COVID-19, otherwise known as coronavirus has been instilling fear across the world as the disease continues to spread, but just how will that impact the workplace?
With confirmed cases constantly on the rise, it can be a big worry having to share confined spaces with colleagues daily. Not to mention having to tackle public transport getting to and from work.
Lots of questions are coming our way about what should happen and what rights do both the business and the employee have, so we thought we’d put together this handy blog to help…
Anyone who has recently visited a high-risk country (Italy, China and South Korea at present) or have been in contact with someone who has had the virus are being told to self-isolate for two weeks.
If this occurs, then it should be expected to receive at least SSP (statutory sick pay) until the 14 days have passed. A new announcement recently from Boris Johnson advises companies to pay SSP from Day 1 rather than allowing the 3 waiting days as was previously the case for sickness. In the budget release, the government will reimburse small businesses (with less than 250 employees) for the SSP.
Where possible, if there is the opportunity to allow staff to work from home then this should be implemented however, this is not feasible for all roles or businesses.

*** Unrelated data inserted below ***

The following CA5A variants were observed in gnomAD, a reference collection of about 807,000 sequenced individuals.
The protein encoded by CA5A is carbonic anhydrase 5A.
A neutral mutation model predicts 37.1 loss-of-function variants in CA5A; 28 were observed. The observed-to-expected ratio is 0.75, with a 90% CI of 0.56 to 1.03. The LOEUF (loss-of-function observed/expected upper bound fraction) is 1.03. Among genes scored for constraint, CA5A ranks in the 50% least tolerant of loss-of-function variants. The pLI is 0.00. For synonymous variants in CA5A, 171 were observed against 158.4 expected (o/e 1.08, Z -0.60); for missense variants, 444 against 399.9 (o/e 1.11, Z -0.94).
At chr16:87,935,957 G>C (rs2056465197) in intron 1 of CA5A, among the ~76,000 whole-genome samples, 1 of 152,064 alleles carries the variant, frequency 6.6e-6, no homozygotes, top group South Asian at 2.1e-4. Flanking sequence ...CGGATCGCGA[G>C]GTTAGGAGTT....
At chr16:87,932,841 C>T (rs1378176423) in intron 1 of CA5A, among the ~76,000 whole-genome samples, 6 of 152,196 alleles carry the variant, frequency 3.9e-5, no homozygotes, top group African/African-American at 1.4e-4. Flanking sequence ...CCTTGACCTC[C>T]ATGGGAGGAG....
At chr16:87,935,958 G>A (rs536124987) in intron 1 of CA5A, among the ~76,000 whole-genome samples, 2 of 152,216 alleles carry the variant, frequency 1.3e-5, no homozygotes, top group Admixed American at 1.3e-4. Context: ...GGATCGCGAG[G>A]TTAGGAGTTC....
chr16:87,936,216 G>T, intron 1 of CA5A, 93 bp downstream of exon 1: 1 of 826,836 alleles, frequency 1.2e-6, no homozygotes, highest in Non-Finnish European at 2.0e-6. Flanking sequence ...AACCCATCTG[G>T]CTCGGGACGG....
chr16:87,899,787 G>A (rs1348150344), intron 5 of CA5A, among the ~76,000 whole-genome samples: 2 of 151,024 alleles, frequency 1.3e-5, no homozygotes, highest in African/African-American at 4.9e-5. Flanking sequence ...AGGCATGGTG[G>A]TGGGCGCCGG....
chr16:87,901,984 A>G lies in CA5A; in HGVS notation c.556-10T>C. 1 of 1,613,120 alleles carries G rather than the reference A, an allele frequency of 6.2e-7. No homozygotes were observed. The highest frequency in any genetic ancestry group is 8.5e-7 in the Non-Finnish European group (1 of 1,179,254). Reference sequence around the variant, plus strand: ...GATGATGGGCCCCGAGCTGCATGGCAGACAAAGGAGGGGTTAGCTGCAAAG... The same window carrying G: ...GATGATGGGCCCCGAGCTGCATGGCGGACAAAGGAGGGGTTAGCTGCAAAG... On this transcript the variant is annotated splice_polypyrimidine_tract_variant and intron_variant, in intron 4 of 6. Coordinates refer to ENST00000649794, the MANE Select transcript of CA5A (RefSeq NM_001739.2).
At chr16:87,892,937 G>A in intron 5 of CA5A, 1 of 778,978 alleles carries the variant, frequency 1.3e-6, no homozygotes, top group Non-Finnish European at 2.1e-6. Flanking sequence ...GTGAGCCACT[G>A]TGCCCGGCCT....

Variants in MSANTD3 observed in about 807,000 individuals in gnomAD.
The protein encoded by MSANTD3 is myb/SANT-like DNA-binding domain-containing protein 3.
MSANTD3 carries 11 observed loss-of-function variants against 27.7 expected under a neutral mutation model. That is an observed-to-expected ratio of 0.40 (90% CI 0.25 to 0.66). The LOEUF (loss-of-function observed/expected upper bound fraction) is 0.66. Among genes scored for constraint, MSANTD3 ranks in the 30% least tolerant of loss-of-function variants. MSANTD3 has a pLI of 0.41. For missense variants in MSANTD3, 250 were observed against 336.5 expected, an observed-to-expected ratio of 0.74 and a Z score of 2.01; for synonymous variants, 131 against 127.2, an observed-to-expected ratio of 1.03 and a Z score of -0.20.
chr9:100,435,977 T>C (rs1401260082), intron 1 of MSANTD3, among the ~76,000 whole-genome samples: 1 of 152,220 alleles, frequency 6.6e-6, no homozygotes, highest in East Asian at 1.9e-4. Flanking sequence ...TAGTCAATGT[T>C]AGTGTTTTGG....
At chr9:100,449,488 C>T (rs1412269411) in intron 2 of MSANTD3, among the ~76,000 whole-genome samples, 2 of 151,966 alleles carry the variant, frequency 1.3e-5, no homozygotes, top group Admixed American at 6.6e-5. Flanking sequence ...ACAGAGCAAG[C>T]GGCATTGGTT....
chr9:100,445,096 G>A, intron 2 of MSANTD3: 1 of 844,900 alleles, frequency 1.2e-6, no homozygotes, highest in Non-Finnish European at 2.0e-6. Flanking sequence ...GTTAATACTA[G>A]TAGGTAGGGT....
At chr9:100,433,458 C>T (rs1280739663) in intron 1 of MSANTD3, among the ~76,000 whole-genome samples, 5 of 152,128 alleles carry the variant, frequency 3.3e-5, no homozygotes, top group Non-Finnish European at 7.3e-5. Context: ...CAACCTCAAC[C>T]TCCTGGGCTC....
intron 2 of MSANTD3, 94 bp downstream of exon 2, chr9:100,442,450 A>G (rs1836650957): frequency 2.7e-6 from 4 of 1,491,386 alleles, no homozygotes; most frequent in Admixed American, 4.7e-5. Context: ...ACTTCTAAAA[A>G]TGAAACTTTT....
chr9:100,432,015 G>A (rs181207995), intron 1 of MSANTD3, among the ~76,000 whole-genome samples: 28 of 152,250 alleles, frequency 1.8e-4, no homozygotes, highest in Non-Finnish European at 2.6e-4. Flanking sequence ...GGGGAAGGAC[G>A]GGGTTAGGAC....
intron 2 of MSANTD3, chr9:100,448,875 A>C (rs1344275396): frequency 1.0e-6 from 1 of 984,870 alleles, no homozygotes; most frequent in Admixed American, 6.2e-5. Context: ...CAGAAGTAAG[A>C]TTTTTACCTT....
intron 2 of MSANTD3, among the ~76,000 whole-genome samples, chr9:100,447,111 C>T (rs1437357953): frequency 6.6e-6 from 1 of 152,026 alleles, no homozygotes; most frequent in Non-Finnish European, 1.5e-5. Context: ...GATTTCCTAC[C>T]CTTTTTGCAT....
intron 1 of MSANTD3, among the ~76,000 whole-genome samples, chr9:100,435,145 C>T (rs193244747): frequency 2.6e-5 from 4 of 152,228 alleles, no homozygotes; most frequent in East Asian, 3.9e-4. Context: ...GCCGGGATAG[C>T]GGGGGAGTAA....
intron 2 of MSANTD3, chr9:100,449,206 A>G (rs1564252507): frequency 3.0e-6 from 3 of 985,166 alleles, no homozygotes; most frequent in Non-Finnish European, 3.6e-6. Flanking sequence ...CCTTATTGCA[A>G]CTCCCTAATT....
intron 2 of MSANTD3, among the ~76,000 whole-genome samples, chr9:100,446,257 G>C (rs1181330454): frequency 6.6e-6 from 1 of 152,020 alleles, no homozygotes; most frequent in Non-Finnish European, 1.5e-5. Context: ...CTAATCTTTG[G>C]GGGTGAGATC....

If you notice an employee suffering with symptoms of the virus, do not panic, but discuss this with them privately. Check whether they have sought medical advice and encourage them to use the NHS111 service and follow the company absence reporting procedure for staying at home. Any colleagues that have come into contact with the symptomatic employee should be made aware of this in order to follow NHS guidance.
Holiday Protocol & business travel
Travel restrictions may well be in place if the area the employee is travelling to is high risk. Any low-risk areas that the employee decides to travel to would invite a protocol on return, only if the employee is symptomatic or has been in contact with someone who has the virus. In this case, the self-isolation process would kick in.
We are seeing companies cancel or postpone unnecessary business travel until further notice.
What if I need to close my business?
If there is a real risk to your business then you may decide to temporarily close. Get in touch with us to discuss short-term layoff provisions.
Also, look at whether you have Business Interruption Cover in your commercial insurance policy. However, check the small print to see whether you have an extension for notifiable diseases.
At the time of submitting for press release, this information was up to date however the changes with advance is continuously changing with speed.
There is a lot of information on the Covid-19 virus, too much to put in an article, so please see the full blog on our website or get in touch if you need specific guidance. Simply get in touch on 01925 626 253, or alternatively, you can send us an email on email@example.com.